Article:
}
    ]
}

I have taken a token “” which you should replace with an appropriate name. Also, look at the actions section. There are two buttons, “Approve” & “Reject” and corresponding URLs are the appropriate API URLs. You need to replace them by your REST endpoints. I am passing “id” as QueryString, which may be needed to update the database as per your business logic. This “id” can be the unique identifier of the resource associated with the email is sent.

The manager will get the email as follows: Inside actionable messages in Outlook

The refreshed card JSON is as follows:

{
    "$schema": "https://adaptivecards.io/schemas/adaptive-card.json",
    "type": "AdaptiveCard",
    "version": "1.0",
    "body": [
        {
            "type": "TextBlock",
            "text": "**<status>**"
        }
    ],
    "actions": [
        {
            "title": "View",
            "type": "Action.OpenUrl",
            "url": "<URL to view the record in the application>"
        }
    ]
}

Here, I have taken a token "", which can be replaced by appropriate text corresponding to action (Approve/Reject in this case) taken by the user. Also, look at the actions section. Here I have used type as “Action.OpenUrl”. So, when the user clicks on the “View” button, it will open the specific URL.

The email will be refreshed as follows:

Inside actionable messages in Outlook

API:

You can create your API in any language of your choice. Here I have created simple API in asp .net for this demo. You need to host this API. You can host it in IIS or azure or whatever of your choice. This hosted url will be used as “Base url of your API”.

Here I have used a NuGet package, Microsoft.O365.ActionableMessage.Utilities.

Here is the demo code for my API:


using Microsoft.O365.ActionableMessages.Utilities;
using System;
using System.Collections.Generic;
using System.IO;
using System.Linq;
using System.Net;
using System.Net.Http;
using System.Web.Http;
namespace ActionableEmailAPI.Controllers
{
    public class ApproveLeaveController : ApiController
    {
	public HttpResponseMessage Post([FromBody] string value)
        {
		//Checks if the request came from Office365
		if (Request.Headers.Authorization == null
|| !string.Equals(Request.Headers.Authorization.Scheme, "Bearer", StringComparison.OrdinalIgnoreCase)
                || string.IsNullOrEmpty(Request.Headers.Authorization.Parameter))
            {
                //return error response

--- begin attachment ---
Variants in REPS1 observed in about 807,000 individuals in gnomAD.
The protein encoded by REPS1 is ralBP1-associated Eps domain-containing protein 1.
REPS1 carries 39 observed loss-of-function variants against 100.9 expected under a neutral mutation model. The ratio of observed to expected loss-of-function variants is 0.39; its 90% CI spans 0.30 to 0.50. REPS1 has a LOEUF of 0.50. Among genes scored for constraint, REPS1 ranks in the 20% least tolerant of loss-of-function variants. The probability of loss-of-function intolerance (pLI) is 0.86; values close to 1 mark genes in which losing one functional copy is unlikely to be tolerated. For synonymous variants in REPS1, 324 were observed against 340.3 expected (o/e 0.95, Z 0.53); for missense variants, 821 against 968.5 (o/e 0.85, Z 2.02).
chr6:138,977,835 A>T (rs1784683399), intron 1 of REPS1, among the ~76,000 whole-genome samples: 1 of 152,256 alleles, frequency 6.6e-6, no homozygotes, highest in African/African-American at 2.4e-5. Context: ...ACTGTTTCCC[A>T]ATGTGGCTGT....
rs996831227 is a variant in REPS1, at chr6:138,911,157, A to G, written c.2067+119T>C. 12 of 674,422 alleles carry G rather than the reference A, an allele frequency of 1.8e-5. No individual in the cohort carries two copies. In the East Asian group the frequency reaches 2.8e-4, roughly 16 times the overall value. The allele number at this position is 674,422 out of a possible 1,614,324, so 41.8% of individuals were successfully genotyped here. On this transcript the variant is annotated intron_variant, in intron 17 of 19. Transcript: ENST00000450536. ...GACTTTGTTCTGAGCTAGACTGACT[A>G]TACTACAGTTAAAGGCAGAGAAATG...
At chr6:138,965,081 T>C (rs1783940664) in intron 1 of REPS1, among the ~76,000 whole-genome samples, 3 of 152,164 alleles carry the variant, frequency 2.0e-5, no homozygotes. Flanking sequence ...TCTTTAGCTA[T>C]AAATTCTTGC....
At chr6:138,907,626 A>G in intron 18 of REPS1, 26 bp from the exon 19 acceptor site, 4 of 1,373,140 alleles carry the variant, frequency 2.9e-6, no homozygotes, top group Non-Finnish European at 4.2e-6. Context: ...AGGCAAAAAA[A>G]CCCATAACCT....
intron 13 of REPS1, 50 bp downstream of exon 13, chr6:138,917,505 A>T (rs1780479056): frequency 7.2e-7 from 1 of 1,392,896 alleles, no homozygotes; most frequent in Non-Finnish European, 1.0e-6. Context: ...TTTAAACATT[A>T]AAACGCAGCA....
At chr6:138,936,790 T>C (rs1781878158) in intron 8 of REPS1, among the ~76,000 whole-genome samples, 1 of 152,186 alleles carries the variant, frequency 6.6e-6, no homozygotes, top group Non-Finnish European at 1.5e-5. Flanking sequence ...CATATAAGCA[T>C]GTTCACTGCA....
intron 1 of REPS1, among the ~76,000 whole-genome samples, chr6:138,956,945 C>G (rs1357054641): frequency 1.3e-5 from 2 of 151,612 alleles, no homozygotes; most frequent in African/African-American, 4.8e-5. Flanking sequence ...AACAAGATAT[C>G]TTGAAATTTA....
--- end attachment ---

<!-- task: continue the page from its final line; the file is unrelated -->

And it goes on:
return Request.CreateErrorResponse(HttpStatusCode.Unauthorized, new HttpError());
            }
		string bearerToken = Request.Headers.Authorization.Parameter;

ActionableMessageTokenValidator validator = new ActionableMessageTokenValidator();

       ActionableMessageTokenValidationResult result = validator.ValidateTokenAsync(bearerToken, "<Base URL of your API>").Result;

            if (result.ValidationSucceeded == false)
            {
                //return error response
         return Request.CreateErrorResponse(HttpStatusCode.Unauthorized, new    HttpError());
            }
            //Get the id we passed as QueryString
            var allUrlKryValues =this.ControllerContext.Request.GetQueryNameValuePairs();
            string id = allUrlKryValues.LastOrDefault(x => x.Key == "id").Value;
	     //Get action performer, i.e. who takes the action
	     string strActionPerformer = result.ActionPerformer;
	     bool IsValidActionPerformer = false;
           // Check if the Action performer is valid according to your business logic
	    // and set IsValidActionPerformer variable as per your logic
	     if(IsValidActionPerformer == false)
            {
			//return error response
HttpResponseMessage errorResponse =   Request.CreateResponse(HttpStatusCode.Forbidden);
errorResponse.Headers.Add("CARD-ACTION-STATUS", "Invalid action performer");
                return errorResponse;
            }
	     //Perform your business logic using id, strActionPerformer value….
	    //After execution of your business logic, return the refresh card
           //Assuming that the “RefreshCard.json” file is kept in the root folder
           string strRefreshCard = "";
            strRefreshCard = File.ReadAllText(System.Web.Hosting.HostingEnvironment.MapPath("~/RefreshCard.json"));
            strRefreshCard = strRefreshCard.Replace("<status>", "Leave Approved");

            HttpResponseMessage successMessage = Request.CreateResponse(HttpStatusCode.OK);
            successMessage.Headers.Add("CARD-UPDATE-IN-BODY", "true");
            successMessage.Content = new StringContent(strRefreshCard);

            return successMessage;
	 }
    }
}

The actionable messaging in Outlook is a smart way of engaging the user without leaving the context. The goal of this article was to take you through a sample implementation and results and to show how easy and effective it could be towards improving productivity of the business users. This is quite extensible, and I will come back to it later. Go, enrich your mails with actions, make your users happy and more efficient!